Purple Loosestrife

Lythrum Salicaria


Purple Loosestrife is from Eurasia and was introduced to the northeastern U.S. and Canada in the 1800s, for ornamental and medicinal uses.


A wetland perennial purple loosestrife can grow from 1.5 feet tall to 10 feet high. The stem of the plant is square and is usually quite hairy. The leaves are opposite or arranged in whorls of three. The purple flowers in whorled clusters bloom from July to September. Purple loosestrife spreads prolifically in open, disturbed sites with moist soil or even in shallow standing fresh water. It also invades undisturbed wetland ecosystems. It is tolerant to a variety of soils and pH's and nutrient condition but prefers slightly acidic or neutral soils.
Image of Large Group of Plants


Purple loosestrife has an extended flowering season, generally from June to September, which allows vast quantities of seed to be produced. It is estimated that one plant can produce 2 to 3 million seeds per plant per year. The flowers require pollination by insects, for which it supplies an abundant source of nectar. A mature plant may have as many as 30 to 50 flowering stems from one root stock. It also reproduces vegetatively by root stock that expands at about 1 foot per year.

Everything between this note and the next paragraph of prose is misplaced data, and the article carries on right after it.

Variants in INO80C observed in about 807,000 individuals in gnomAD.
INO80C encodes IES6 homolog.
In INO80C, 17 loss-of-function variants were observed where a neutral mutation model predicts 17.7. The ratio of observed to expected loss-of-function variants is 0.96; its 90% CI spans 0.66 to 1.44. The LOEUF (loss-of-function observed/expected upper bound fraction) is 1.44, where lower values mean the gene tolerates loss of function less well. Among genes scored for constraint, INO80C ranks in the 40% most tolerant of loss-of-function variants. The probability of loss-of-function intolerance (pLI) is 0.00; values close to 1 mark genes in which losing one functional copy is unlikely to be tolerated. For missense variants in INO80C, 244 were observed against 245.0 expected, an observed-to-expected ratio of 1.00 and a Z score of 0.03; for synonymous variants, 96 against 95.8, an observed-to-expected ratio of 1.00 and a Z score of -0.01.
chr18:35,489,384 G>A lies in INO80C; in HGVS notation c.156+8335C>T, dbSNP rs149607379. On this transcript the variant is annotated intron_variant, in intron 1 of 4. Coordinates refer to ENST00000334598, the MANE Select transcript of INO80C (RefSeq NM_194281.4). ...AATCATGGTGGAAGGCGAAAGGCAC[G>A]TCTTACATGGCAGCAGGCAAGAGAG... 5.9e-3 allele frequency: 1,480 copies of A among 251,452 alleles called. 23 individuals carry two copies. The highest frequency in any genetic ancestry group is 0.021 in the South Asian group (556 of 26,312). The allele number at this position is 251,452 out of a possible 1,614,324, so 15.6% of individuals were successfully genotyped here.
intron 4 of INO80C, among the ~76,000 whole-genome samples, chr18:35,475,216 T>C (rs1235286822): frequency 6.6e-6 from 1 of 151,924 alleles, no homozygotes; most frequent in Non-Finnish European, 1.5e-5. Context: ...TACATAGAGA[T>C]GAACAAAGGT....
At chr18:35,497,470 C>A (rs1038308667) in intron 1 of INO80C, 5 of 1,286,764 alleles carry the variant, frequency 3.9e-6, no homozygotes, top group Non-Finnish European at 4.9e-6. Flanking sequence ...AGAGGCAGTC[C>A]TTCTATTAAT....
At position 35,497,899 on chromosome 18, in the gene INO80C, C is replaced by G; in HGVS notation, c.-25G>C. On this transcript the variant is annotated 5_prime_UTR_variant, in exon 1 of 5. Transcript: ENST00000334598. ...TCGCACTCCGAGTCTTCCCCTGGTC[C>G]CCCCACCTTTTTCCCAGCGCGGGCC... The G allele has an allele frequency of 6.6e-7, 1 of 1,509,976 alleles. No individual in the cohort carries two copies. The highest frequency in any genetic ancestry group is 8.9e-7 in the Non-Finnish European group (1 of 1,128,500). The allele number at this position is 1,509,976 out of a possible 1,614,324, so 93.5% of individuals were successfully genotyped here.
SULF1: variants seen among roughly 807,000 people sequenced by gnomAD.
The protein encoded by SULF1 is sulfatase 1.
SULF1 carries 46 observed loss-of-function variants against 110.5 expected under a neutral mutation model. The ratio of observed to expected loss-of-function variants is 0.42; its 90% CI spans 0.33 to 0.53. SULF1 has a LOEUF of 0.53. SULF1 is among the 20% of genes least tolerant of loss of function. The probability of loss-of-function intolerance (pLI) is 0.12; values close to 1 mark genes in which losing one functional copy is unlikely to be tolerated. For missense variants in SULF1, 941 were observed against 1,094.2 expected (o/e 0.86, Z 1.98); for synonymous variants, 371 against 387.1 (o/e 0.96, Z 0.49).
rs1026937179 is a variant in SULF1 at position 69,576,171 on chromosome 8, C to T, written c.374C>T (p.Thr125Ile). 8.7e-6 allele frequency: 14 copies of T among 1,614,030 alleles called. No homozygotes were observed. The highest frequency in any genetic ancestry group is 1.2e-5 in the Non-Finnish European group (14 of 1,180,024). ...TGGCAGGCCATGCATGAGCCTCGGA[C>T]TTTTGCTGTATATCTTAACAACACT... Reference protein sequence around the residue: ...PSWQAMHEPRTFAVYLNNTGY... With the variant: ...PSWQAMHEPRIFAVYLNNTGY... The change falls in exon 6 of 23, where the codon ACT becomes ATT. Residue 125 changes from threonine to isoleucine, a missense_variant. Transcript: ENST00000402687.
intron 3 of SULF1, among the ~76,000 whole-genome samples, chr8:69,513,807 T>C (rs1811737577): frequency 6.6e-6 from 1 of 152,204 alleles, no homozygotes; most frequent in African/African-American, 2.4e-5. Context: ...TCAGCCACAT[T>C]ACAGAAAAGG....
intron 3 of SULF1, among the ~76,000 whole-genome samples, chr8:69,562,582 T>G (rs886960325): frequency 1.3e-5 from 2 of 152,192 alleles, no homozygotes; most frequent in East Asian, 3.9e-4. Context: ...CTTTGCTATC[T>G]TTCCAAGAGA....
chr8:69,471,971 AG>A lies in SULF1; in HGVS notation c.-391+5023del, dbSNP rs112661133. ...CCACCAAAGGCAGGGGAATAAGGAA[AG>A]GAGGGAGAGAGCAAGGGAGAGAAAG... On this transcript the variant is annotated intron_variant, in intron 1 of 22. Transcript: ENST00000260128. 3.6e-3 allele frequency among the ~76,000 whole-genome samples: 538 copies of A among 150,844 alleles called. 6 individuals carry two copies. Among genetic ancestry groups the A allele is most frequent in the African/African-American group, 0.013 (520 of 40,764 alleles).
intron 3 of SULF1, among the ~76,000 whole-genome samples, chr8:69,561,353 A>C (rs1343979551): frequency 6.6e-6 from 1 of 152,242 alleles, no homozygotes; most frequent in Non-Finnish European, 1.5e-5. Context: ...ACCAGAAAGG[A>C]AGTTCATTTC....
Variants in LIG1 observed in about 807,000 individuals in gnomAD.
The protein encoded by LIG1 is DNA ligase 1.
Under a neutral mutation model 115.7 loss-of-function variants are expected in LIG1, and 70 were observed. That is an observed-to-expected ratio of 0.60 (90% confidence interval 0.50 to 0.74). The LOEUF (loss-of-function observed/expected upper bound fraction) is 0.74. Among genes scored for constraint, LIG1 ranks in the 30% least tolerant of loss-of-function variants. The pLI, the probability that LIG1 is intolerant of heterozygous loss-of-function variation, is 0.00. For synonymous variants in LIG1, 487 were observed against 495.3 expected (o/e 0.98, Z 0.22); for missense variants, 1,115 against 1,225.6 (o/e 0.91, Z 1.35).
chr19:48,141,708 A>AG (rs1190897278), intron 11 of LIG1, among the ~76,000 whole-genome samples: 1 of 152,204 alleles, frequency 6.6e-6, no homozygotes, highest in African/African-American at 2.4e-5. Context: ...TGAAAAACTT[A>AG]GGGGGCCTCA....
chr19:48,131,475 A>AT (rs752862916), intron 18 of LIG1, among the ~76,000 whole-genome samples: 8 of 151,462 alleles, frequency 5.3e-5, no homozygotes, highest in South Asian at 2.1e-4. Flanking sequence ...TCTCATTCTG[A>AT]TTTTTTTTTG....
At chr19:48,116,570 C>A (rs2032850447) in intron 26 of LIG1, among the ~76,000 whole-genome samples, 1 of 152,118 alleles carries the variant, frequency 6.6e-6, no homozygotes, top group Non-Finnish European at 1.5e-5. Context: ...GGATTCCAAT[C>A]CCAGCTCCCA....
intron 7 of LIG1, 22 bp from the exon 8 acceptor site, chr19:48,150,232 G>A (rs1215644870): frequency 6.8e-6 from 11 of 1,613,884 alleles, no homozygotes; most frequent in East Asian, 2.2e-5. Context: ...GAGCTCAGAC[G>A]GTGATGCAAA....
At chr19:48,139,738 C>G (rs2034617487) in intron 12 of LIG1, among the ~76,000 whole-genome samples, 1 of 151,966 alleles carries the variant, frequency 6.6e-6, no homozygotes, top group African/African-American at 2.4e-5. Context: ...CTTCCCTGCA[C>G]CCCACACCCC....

When Purple loosestrife is introduced to a site, it out competes and replaces native grasses, cattails, sedges, and other flowering plants that provide a higher quality source of nutrition for wildlife. The highly invasive nature of purple loosestrife allows it to form dense, homogeneous stands that restrict native wetland plant species, including some endangered orchids, as well as reduce habitat for wildlife by eliminating natural foods and cover.


As of 1997, 3 insect species from Europe have been approved by the U.S. Department of Agriculture for use as biological control agents. These plant-eating insects include a root-mining weevil (Hylobius transversovittatus), and 2 leaf-feeding beetles (Galerucella calmariensis and Galerucella pusilla). For small infestations, hand pulling can be effective. Foliar spray is not recommended as it can be harmful to the surrounding floura and fauna. View the Invasive Removal page for how to carry out these methods. Any removal within 100 feet of wetland resource areas, including certified vernal pools, or within 200 feet of a perennial stream may require approval from the Concord Natural Resources Commission. Please contact the Division of Natural Resources before you begin.


The following native plants can serve as a good replacement to purple loosestrife in a garden:
  • Native Blazing Star (Liatris)
Purple Plant